There is an apocryphal tale about a medical student who obtained an arm off a cadaver, put money in the palm and fixed it so when the collector took the money, she got the whole thing. But nobody can remember that actually happening.
Eloise King, the toll supervisor, used to collect tolls herself five years ago. "I kind of enjoyed it then," she remembers. "At least it was better than working in an office... you were outside and you were dealing with a lot of different people. But all the girls tell me I'd hate it now, it's gotten so bad out htere."
Sometimes people will give a collector too much money, and if she's new she might try to stop the car and return it. After a while, thought, she learns it's probably not worth the insults.
Ask the police, the toll people, other drivers, exactly what type of person is most likely to lose control. There is no type. It's just as likely to be the middle-aged woman you met at the club the other night as it is to be the juvenile delinquent who stole your wallet on M Street.
"I find it hard to believe that my mailman, one of the gentlest of men, who goes out of his way to do me kindnesses, starts blowing his horn before he turns on his ignition, but I know it's true," writes Caskie Stinnett in The Atlantic Monthly. "One Sunday I saw him, in street clothes, cut across a grass-covered median strip on one of Boston's main arteries just because he was momentarily stalled in traffic."
Am I one of these people? The answer seems to be a qualified yes, but I'll tell you one thing: it's not so qualified now as it was. I'd originally put the whole thing down to getting older, losing my sense of humor, having to spend the day in a windowless office. But there seem to be other things at work here. I'm part of a trend .
"People are getting more and more socially disconnected in cars, especially out on the superhighways," says Dr. Morris Chafetz, a Washington psychiatrist. "You find that the cultural constraints are lessened, all the things we've built up over the years that separate us from the animals, and if we're frustrated out there or irritated, suddenly we're in a very primitive situation."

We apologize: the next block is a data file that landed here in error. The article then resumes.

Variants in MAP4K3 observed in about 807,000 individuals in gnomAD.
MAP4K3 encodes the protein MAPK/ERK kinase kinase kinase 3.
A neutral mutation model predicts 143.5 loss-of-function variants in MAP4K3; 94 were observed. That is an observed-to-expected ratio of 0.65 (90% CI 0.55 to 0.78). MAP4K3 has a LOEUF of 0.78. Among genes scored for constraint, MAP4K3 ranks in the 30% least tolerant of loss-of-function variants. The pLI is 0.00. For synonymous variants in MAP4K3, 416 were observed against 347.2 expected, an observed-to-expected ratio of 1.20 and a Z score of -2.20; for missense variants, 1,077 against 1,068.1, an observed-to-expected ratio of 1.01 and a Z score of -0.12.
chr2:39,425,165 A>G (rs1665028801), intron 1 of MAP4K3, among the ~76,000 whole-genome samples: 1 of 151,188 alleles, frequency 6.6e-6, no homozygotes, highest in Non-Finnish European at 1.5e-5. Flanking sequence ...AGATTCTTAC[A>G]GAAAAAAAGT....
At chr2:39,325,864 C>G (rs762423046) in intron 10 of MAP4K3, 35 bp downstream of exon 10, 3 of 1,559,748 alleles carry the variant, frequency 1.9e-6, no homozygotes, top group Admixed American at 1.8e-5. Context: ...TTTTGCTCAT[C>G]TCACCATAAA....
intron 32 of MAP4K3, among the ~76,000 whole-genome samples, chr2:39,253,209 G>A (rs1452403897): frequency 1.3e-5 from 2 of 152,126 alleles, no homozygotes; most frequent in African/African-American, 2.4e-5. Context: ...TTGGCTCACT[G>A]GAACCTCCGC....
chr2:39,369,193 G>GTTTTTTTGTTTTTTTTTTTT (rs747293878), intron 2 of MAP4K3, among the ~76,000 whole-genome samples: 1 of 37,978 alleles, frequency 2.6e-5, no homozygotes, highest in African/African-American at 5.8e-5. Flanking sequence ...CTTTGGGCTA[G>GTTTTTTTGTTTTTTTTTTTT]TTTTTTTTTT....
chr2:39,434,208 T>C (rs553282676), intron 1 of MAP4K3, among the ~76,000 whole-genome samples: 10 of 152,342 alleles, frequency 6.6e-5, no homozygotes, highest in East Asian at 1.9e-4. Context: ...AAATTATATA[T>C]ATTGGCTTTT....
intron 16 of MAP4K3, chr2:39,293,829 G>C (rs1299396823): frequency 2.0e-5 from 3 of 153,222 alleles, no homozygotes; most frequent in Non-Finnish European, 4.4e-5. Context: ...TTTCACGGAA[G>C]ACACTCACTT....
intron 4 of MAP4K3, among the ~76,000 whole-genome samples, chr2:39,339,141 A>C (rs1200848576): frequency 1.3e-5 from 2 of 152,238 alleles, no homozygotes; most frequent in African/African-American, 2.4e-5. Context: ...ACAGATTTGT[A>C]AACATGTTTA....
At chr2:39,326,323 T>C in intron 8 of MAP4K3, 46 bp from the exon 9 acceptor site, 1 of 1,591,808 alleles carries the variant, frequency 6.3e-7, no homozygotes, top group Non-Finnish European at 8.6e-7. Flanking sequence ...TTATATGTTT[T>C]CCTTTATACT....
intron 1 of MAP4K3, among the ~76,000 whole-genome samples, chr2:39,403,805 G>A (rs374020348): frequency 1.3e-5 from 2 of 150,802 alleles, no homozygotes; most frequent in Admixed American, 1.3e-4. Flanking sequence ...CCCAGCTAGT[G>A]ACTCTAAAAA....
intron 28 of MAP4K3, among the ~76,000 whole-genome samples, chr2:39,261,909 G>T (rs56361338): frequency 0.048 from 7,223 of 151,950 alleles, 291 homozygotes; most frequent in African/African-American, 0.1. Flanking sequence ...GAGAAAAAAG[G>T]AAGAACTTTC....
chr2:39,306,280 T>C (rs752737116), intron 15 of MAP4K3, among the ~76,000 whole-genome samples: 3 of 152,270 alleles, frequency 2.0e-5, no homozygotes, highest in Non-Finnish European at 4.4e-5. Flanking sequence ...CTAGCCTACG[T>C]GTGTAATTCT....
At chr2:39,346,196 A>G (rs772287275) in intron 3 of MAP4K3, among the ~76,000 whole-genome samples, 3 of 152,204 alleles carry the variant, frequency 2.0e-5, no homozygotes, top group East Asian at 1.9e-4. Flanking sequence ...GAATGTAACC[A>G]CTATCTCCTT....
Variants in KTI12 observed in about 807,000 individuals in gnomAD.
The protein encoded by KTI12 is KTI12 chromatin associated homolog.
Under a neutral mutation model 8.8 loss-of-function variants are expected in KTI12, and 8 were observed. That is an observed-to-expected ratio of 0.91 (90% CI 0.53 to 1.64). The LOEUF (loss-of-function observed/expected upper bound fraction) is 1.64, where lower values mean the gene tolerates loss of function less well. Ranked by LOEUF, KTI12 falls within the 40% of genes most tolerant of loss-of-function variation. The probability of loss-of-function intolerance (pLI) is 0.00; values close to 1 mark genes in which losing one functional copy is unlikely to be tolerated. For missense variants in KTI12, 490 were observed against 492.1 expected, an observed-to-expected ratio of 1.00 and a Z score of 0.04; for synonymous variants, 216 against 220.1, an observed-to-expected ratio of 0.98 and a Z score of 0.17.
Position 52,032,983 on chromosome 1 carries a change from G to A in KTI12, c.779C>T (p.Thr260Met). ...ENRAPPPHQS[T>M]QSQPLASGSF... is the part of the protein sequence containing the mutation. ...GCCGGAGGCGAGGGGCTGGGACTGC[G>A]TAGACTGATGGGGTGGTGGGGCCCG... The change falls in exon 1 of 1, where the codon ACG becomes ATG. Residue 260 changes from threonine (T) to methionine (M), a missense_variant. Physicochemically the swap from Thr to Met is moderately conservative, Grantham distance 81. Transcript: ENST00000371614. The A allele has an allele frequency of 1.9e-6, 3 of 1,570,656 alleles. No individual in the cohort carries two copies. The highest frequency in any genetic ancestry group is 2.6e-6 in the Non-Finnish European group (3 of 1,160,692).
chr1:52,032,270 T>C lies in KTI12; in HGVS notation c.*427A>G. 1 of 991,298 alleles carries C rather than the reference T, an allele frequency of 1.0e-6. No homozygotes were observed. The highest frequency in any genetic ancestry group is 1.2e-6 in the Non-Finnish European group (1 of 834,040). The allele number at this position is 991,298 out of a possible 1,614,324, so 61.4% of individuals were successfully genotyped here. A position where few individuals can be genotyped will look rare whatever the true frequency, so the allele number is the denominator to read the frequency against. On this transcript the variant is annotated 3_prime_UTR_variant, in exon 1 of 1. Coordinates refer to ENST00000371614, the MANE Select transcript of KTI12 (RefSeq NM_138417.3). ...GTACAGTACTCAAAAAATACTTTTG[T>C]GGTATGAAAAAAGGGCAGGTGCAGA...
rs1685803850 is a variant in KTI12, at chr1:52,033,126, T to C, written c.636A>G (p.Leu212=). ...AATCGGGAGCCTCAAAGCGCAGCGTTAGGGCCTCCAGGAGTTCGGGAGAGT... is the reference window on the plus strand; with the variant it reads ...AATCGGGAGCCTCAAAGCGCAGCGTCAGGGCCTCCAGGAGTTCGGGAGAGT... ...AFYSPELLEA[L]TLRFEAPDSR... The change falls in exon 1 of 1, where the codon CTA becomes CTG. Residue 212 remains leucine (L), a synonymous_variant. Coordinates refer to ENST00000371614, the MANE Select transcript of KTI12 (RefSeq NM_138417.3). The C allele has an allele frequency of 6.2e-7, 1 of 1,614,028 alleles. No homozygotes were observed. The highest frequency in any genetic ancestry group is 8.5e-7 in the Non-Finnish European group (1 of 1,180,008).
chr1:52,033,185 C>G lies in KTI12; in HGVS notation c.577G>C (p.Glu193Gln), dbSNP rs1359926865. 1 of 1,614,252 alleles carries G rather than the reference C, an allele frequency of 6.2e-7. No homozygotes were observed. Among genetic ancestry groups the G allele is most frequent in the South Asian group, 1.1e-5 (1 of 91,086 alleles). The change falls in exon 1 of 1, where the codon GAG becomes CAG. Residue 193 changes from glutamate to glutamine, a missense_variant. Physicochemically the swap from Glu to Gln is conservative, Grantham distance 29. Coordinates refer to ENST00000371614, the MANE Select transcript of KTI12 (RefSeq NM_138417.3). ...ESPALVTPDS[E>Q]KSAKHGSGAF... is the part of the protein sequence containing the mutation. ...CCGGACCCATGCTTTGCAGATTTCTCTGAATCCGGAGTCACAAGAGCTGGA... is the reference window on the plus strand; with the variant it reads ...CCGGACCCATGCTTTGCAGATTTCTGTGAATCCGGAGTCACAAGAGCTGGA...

Chafetz goes on to describe the violent driver as one whose personality is so strongly interwoven with his vehicle that is becomes a personal assault when another driver cuts in front of him. Well, that's me. Me and my VW bus are just like that.
In fact, as I say, it's much worse when a car cuts in front of my car than when another person cuts in front of me , in a supermarket line or something. Lines at least have a certain society, culture and set of relationships. Traffic is just traffic. It would take a daring social psychologist to try to explain a backup in any other terms than "frustration," "boredom," "anger," "botch" or "technological arteriosclerosis."
Now you might have thought that eight lanes of solied traffic, crawling along at four miles an hour or just baking motionless in its own exhaust fumes on a 95-degree summer evening is about as bad as it is going to get... that if you can keep your sanity and your temper under those circumstances, you are home free. That's wrong.
The shape of things to come is out on the Capital Beltway in Virginia west of the I-395 interchange, where they're bracketing the road with huge concrete, metal and wood walls. They're called "sound walls," the latest thing, designed to keep the noise of increased Beltway traffic away from nearby residential areas.
You can't see over them. It's like driving along an enormous cattle chute, with absolutely nothing to look at except the tailpipe of the car in frong of you or maybe the scared, angry and bewildered face in the car beside you. No scenery, and the rising fumes tend to make the sky the same color, rain or shine. There's no breeze in there either, except that which comes from the passage of cars through the fumes. You might well ask yourself: "Is this really the way I want to get there?"